Louis IV of France

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Louis IV
Louis IV denier Chinon 936 954.jpg
A denier from the reign of Louis IV, minted at Chinon
King of the Franks (more...)
Reign 936–954
Coronation 936 in Laon
Predecessor Rudolph
Successor Lothair
Born (920-09-10)10 September 920
Died 30 September 954(954-09-30) (aged 34)
Burial Compiègne Abbey, Saint-Corneille, France
Spouse Gerberga of Saxony
Lothair, King of the Franks
Charles, Duke of Lower Lorraine
Matilda, Queen of Burgundy
House Carolingian
Father Charles the Simple
Mother Eadgifu of England

Louis IV (10 September 920 – 30 September 954), called d'Outremer or Transmarinus (both meaning "from overseas"), reigned as King of Western Francia from 936 to 954. He was a member of the Carolingian dynasty, the son of Charles III and Eadgifu, a daughter of King Edward the Elder.[1]

Early years across the sea

Louis was only two years old when his father was deposed by his nobles. They set up Robert I in his place. When Louis was three years old, Robert died and was replaced by Rudolph, duke of Burgundy. Rudolph's ally, Count Herbert II of Vermandois, himself a Carolingian, took Charles captive by treachery. The young Louis' mother, Eadgifu, took the boy "over the sea" to the safety of England, hence his nickname. He lived in exile in the household of King Æthelstan.

Return to France

Charles III died in 929, and Rudolph ruled until 936. Upon the death of Rudolph, Louis was summoned back to France with the unanimous support of the nobles. Hugh the Great was especially supportive of his return and probably organized it to prevent Herbert II or Rudolph's brother Hugh the Black from taking the throne. Louis was crowned king at Laon by Artald, Archbishop of Rheims, on Sunday 19 June 936.[2] The chronicler Flodoard records the events as follows:

Brittones a transmarinis regionibus, Alstani regis praesidio, revertentes terram suam repetunt. Hugo comes trans mare mittit pro accersiendo ad apicem regni suscipiendum Ludowico, Karoli filio, quem rex Alstanus avunculus ipsius, accepto prius jurejurando a Francorum legatis, in Franciam cum quibusdam episcopis et aliis fidelibus suis dirigit, cui Hugo et cetero Francorum proceres obviam profecti, mox navim egresso, in ipsis littoreis harenis apud Bononiam, sese committunt, ut erant utrinque depactum. Indeque ab ipsis Laudunum deductus ac regali benedictione didatus ungitur atque coronatur a domno Artoldo archiepiscopo, praesentibus regni principibus cum episcopis xx et amplius.[3] "The Bretons, returning from the lands across the sea with the support of King Athelstan, came back to their country. Duke Hugh sent across the sea to summon Louis, son of Charles, to be received as king, and King Athelstan, his uncle, first taking oaths from the legates of the Franks, sent him to the Frankish kingdom with some of his bishops, and other followers. Hugh and the other nobles of the Franks went to meet him and committed themselves to him[;] immediately he disembarked on the sands of Boulogne, as had been agreed on both sides. From there he was conducted by them to Laon, and, endowed with the royal benediction, he was anointed and crowned by the lord Archbishop Artold, in the presence of the chief men of his kingdom, with 20 bishops."[4]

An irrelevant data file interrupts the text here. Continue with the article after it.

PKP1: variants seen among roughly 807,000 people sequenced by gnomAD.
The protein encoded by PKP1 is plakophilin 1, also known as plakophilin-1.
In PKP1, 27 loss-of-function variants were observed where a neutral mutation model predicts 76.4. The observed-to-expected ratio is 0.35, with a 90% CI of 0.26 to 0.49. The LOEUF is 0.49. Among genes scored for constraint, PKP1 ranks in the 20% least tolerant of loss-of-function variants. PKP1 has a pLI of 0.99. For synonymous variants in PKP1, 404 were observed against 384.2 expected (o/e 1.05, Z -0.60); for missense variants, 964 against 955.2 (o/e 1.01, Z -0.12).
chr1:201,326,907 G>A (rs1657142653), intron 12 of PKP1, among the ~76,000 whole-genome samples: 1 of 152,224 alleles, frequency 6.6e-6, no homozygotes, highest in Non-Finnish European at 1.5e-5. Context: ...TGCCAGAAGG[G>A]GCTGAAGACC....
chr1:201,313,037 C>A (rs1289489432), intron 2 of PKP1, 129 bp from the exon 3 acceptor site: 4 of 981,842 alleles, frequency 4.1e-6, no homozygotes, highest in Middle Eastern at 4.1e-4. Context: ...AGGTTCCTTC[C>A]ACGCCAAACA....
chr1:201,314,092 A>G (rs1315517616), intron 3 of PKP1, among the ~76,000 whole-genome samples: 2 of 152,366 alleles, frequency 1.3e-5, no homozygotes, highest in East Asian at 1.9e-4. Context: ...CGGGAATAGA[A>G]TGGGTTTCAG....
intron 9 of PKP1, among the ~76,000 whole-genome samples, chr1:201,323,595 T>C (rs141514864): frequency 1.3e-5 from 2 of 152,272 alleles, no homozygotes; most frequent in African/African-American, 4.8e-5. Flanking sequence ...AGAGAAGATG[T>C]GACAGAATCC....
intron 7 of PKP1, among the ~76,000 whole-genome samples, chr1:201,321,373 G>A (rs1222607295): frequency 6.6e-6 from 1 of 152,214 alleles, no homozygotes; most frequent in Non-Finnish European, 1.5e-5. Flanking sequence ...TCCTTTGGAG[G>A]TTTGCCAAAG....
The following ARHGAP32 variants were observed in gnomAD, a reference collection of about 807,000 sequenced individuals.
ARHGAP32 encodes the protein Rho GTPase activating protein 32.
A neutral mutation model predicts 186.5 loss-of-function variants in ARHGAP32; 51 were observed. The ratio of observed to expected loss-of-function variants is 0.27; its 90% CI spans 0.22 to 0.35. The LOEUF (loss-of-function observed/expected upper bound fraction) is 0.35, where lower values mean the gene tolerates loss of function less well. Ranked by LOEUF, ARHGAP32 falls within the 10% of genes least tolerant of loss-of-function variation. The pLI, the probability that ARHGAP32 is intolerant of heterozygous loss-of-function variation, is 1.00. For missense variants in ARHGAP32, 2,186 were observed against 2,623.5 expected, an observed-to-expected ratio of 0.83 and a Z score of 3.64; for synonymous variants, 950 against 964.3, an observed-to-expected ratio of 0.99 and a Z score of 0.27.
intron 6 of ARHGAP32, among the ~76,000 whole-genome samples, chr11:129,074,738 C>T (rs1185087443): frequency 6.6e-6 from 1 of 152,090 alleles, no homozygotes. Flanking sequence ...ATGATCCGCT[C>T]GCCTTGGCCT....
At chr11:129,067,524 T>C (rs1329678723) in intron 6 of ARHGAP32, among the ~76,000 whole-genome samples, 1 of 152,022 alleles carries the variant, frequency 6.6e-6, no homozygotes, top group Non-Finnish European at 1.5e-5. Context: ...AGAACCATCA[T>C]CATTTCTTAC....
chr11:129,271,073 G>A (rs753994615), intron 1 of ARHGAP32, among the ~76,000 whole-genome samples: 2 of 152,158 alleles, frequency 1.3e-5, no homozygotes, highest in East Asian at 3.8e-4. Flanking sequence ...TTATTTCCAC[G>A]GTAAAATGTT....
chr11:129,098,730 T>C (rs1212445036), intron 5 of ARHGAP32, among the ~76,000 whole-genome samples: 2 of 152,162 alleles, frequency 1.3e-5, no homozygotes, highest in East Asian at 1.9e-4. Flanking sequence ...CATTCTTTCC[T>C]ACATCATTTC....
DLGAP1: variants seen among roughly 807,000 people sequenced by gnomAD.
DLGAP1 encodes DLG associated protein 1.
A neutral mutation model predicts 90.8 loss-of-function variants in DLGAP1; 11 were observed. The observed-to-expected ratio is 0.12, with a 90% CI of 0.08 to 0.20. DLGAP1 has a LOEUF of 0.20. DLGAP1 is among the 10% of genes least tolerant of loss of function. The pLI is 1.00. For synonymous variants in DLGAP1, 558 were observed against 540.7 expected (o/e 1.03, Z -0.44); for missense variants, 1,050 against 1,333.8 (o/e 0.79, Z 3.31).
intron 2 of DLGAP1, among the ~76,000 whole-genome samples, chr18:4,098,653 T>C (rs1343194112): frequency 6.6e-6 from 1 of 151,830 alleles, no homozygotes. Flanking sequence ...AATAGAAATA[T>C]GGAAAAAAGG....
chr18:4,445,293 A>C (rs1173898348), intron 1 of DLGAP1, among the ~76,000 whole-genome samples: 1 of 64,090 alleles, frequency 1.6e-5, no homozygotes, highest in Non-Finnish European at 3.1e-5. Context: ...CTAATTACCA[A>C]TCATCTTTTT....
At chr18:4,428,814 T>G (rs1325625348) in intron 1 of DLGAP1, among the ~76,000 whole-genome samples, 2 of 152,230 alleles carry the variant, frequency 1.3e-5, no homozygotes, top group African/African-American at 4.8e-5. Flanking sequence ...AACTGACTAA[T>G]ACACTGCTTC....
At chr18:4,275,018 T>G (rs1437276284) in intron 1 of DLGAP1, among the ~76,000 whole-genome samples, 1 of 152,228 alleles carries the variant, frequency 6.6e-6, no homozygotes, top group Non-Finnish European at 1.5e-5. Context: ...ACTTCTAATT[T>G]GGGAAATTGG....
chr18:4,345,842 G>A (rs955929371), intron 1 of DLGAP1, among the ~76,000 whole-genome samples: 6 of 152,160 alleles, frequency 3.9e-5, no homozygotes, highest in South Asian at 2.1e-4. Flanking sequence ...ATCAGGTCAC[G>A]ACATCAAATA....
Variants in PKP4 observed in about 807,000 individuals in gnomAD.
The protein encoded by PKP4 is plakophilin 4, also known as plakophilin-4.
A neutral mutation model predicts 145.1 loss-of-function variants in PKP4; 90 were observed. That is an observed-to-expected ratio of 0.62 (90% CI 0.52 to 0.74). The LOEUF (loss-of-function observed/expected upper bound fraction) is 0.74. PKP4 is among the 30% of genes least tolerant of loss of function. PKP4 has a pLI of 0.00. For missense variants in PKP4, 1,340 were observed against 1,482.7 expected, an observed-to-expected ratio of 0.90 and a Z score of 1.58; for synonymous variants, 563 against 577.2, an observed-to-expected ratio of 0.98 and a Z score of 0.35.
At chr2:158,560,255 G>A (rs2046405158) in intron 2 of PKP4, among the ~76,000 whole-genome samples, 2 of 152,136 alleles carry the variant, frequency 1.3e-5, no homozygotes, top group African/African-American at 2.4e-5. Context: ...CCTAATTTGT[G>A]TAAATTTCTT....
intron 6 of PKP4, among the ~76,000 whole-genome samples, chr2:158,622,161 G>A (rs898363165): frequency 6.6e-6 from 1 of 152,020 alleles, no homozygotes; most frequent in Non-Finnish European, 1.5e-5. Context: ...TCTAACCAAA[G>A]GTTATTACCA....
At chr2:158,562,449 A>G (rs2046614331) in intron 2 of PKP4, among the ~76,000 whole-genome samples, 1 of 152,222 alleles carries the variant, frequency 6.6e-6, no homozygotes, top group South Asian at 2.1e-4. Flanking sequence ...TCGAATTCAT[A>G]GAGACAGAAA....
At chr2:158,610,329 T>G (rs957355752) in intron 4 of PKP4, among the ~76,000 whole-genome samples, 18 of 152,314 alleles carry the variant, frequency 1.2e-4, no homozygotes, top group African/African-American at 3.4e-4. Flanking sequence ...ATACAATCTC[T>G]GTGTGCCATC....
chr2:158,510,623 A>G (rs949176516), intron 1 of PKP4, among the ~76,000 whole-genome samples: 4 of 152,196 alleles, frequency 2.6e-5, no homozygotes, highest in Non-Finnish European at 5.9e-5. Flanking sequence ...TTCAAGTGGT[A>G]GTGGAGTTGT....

Effectively, Louis' sovereignty was limited to the town of Laon and to some places in the north of France; he displayed a keenness beyond his years in obtaining the recognition of his authority by his feuding nobles. Nonetheless, his reign was filled with conflict, in particular with Hugh the Great, count of Paris.

Louis IV fell from his horse and died on 30 September 954 at Rheims, in the Marne, where he is interred at Saint Rémi Basilica.


Marriage and children

In 939, Louis became involved in a struggle with the Holy Roman Emperor Otto the Great on the question of Lorraine, but he then married Otto's sister Gerberga of Saxony (914 – 5 May 984). They were parents to eight children:


  1. Donald A. Bullough, Carolingian Renewal: Sources and Heritage, (Manchester University Press, 1991), 286
  2. Pierre Riche, The Carolingians, Transl. Michael Idomir Allen, (University of Pennsylvania Press, 1993), 256.
  3. Flodoard, Annales 936, ed. P. Lauer.
  4. Dorothy Whitelock (tr.), English Historical Documents c. 500–1042. 2nd ed. London, 1979. p. 344.
  5. Burgundy and Provence, 879-1032, Constance Brittain Bourchard, The New Cambridge Medieval History: Volume 3, C.900-c.1024, ed. Rosamond McKitterick and Timothy Reuter, (Cambridge University Press, 1999), 342.


  • Flodoard, Annales, ed. Philippe Lauer, Les Annales de Flodoard. Collection des textes pour servir à l'étude et à l'enseignement de l'histoire 39. Paris: Picard, 1905.
Preceded by
King of Western Francia
Succeeded by